If you retain this $750,000 property for 20 years and it appreciates in value by an average of say 7% p.a., it will be worth circa $2.9 million. I estimate that the investor would crystallise approximately $2.05 million of cash after selling the property (net of costs, repaying the loan and CGT) after 20 years. So, the initial cash contribution of $450k (60% of the purchase price) has grown to $2.05 million after 20 years. That equates to a compounding annual growth rate of 7.9%. Without any gearing, the net return would have been only 5.9% p.a. So, the existence of a modest gearing rate (40%) has increased the investors return on equity by 2% p.a. This is the power of gearing.
Return on cash is even more impressive
What if you don’t contribute any of your own cash savings when you purchase the property? That is, you borrow the total cost. In this situation, your only cash contribution will be to fund the holding costs. That’s because if you borrow 100% of the acquisition costs, the property’s income will probably not be enough to pay for its expenses and loan interest. As such, you will have to contribute some of your salary income towards meeting these expenses.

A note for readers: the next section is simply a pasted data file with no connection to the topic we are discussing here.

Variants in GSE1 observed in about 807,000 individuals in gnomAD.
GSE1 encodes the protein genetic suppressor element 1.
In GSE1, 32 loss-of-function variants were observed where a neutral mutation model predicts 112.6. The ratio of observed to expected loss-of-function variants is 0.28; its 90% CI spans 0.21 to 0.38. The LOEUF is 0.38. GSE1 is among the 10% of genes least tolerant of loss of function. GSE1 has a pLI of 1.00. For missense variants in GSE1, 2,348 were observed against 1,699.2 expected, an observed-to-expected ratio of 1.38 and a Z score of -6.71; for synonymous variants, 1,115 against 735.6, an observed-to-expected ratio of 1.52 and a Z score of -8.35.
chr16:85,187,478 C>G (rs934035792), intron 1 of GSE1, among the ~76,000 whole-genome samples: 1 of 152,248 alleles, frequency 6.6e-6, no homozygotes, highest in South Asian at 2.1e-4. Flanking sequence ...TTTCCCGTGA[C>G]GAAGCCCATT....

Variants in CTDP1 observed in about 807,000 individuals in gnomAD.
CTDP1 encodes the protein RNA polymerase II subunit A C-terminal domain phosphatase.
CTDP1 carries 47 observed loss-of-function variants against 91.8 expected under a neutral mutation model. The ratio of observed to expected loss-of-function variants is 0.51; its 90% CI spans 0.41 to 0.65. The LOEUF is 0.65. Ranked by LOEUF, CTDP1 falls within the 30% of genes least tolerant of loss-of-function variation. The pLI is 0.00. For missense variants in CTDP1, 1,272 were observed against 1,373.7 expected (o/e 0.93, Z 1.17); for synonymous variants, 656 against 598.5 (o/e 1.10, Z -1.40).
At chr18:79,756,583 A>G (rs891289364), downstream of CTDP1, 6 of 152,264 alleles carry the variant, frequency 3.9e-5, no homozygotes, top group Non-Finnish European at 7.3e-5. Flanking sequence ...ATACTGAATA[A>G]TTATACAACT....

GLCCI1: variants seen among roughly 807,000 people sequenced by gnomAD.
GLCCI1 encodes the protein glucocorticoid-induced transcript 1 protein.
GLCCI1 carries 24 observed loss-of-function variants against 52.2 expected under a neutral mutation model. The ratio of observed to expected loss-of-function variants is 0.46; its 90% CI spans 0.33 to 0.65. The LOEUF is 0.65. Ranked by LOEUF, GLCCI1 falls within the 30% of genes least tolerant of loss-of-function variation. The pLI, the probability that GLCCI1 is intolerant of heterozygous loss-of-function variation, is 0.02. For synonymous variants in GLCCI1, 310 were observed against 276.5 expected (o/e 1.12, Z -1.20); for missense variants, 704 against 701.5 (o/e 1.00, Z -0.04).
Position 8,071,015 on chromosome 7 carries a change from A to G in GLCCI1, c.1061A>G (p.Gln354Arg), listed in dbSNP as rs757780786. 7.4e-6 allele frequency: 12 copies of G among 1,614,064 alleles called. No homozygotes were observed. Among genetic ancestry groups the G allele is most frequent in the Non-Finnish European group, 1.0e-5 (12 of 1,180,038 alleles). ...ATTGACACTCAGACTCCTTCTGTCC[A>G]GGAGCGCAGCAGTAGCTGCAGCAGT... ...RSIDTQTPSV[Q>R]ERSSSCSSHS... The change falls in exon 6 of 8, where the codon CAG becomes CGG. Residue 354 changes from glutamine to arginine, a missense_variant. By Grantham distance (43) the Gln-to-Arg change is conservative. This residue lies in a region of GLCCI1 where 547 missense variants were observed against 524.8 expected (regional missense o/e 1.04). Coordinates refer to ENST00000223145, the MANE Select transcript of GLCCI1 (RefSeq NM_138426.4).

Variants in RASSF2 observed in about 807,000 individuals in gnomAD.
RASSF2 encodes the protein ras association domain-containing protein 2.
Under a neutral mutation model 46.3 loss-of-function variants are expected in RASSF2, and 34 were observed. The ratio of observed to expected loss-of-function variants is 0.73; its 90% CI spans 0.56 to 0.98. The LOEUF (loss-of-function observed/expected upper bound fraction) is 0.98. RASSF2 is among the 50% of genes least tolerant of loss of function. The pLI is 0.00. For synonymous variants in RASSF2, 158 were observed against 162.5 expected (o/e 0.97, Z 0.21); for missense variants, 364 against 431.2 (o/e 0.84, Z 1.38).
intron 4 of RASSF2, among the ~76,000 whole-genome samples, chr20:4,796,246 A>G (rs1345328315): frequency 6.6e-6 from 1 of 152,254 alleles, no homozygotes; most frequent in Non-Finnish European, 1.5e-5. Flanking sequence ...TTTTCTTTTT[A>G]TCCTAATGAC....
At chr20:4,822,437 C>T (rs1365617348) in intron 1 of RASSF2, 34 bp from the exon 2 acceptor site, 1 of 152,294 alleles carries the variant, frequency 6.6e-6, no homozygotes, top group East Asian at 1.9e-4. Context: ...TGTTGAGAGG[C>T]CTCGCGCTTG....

I estimate the cash flow holding cost of a $750,000 property to be conservatively circa $175,000 after-tax over 20 years. If you sell the property after 20 years, you will walk away with $1.58 million in cash after repaying the loan, selling costs and CGT. Therefore, your cash contribution of $175,000 over 20 years has generated net cash gain of $1.58 million. That equates to an annual compounding rate of return of 11.6%. That is referred to your return on cash, since you didn’t contribute any equity (cash) at the beginning.
Gearing allows you to invest your future income today
What do you think is a better strategy? Option one is to invest $20,000 each year for the next 30 years i.e. $900,000 in total. Option two is to borrow $900,000 and invest it all today and then repay $20,000 of the loan each year for the next 30 years. You don’t need to be a mathematician to realise that investing the lump sum today will likely yield much better results.